The next three days were my first real taste of death. Later, my parents would say that while they knew that one day, we boys would have to learn about death’s finality, they never imagined it would be one of us that would die. We were at the Hibbett and Hailey funeral home, where 30 years later, my parents would be prepared for burial. Jeff’s casket was light blue, and there were roses everywhere. While it was still customary in that time and place for children to be dressed in a nightgown-like shroud, Jeff was dressed in a suit, because he had always enjoyed dressing up. There were so many mourners — from the family, from Jeff’s school (where I had gone the year before — we shared some teachers), teammates, friends, other parents. And now that I’m a father, when I think back on this, I wonder about the horrors those parents must have felt, and likely the mix of guilt and relief of knowing that they were seeing someone else’s child, and not their own.

And I remember sitting in a rocking chair on the funeral home’s porch with my father, who smoked a Camel cigarette and told me how much he regretted the things Jeff would not get to do and be. And he said that sometimes horrible things happen in life, and that we would wonder why, but we simply had to trust there was a reason, that it wasn’t just something meaningless. “That way,” he said, “lies madness.” And the next day, Jeff was buried in the family plot at Woodlawn. Later, my grandparents would join him there, and later still, my mom and dad.

And the reverberations of that Big Noise continued. My brother and I would come stay with my grandparents during the summers, and each evening, I remember that my grandmother would sit in the den and cry silently, remembering the grandchild we had lost. She stopped breathing in 1985, but in some very important ways, my grandmother died in 1979. My grandfather died in 1987, and while we acknowledged his birthday each year, there was always an unspoken awareness of the surprise none of us had wanted. And at every gathering thereafter, even with the laughter and good times (and there were both), there has always been a slight echo of the joys that we never quite felt again. There’s even a part of me that wonders if my brother’s descent may have been partially fueled by that week in 1979.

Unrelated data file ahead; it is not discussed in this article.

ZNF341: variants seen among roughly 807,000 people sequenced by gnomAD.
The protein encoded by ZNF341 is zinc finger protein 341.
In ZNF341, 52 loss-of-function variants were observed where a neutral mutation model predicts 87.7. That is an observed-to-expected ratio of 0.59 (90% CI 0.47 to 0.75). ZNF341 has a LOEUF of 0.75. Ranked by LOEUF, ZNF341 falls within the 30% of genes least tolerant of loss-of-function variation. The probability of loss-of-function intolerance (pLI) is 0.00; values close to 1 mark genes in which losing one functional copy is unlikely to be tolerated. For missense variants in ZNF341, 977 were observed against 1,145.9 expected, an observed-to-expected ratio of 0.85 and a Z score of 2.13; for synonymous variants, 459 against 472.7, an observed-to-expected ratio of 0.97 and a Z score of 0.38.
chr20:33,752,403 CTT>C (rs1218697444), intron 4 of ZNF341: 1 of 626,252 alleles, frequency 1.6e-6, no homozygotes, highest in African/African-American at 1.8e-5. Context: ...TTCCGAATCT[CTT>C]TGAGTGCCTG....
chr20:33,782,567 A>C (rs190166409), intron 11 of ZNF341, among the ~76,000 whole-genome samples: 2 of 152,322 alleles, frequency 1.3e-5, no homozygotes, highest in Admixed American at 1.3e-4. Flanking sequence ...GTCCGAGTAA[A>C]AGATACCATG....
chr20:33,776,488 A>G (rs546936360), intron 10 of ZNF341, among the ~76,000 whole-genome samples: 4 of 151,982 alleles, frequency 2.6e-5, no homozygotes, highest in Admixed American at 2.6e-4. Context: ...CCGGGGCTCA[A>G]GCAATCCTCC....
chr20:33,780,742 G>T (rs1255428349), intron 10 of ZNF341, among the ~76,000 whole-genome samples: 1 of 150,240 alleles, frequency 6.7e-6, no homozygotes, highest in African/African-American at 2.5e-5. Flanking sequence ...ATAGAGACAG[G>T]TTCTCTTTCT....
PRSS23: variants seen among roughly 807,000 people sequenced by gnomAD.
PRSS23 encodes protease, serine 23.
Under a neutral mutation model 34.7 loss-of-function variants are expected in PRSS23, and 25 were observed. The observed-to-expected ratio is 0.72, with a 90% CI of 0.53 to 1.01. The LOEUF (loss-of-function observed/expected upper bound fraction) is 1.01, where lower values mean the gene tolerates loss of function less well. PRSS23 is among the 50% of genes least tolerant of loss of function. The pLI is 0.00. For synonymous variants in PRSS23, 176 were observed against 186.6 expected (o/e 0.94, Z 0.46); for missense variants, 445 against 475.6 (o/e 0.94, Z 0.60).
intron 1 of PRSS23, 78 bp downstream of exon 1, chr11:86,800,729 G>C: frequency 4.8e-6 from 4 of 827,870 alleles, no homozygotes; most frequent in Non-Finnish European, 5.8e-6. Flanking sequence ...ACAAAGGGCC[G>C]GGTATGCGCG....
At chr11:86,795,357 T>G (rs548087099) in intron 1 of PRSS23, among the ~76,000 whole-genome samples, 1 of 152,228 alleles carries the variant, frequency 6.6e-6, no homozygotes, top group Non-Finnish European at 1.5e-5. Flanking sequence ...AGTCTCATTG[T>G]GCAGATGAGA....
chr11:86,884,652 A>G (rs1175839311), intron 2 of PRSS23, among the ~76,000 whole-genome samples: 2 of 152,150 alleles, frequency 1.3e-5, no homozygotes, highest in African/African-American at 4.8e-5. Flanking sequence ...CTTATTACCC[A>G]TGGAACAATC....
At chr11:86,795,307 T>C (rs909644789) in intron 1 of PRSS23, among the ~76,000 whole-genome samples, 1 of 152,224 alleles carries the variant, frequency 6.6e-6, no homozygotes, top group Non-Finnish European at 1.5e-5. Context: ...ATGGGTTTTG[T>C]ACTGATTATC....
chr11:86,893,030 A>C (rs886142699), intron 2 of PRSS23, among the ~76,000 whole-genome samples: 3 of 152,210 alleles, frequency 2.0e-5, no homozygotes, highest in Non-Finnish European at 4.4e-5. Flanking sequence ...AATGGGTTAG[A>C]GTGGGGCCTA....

While Jack and I remained close, he was angrier than he had been, and I always sensed  the difference in him, the loss of innocence he must have felt in a way that even I could not. Eventually, though, he found the satisfaction of his marriage, his own children, and the career he loves. As I sometimes wonder what might have been if Michael had made different choices, I also wonder how much of Jack’s life has been shaped by the loss of his brother. But I can’t speak for him, and we’ve never talked about it.

Later today, I’ll call my aunt, as I always do on this date, and we’ll remember Jeff, because we love him and each other. These days, it’s a little easier to smile when we remember him, but the occasion remains the occasion, and we still hurt and wonder why things happened as they did. And the next time I’m in Nashville, I’ll go to the cemetery as I always do, and I’ll pay my respects to my grandparents, and my cousin-turned-brother, the best friend of my childhood.

I miss you, Jeff — I wish you could have been here longer.

About profmondo

Dad, husband, mostly free individual, medievalist, writer, and drummer. "Gladly wolde he lerne and gladly teche."
This entry was posted in Faith, Family, Why I Do What I Do. Bookmark the permalink.

5 Responses to How Twigs Get Bent: 4 May 79

  1. Juli Hulcy says:

    I remember that day so well, with all its sharp edges. Hugs

  2. Gloria R says:

    Although I cried through this I appreciate the time and effort you took to remember Jeff. There is not a day that goes without me thinking about him. I have often wondered what he would be like now and I know that Dr Jeff Dunn would have made a difference in this world. I miss him and love him.

  3. Very powerful. Thank you for this wonderful tribute.

  4. Pingback: In Which the Prof Learns Something of Which He Was Unaware, And Is Pleased | Professor Mondo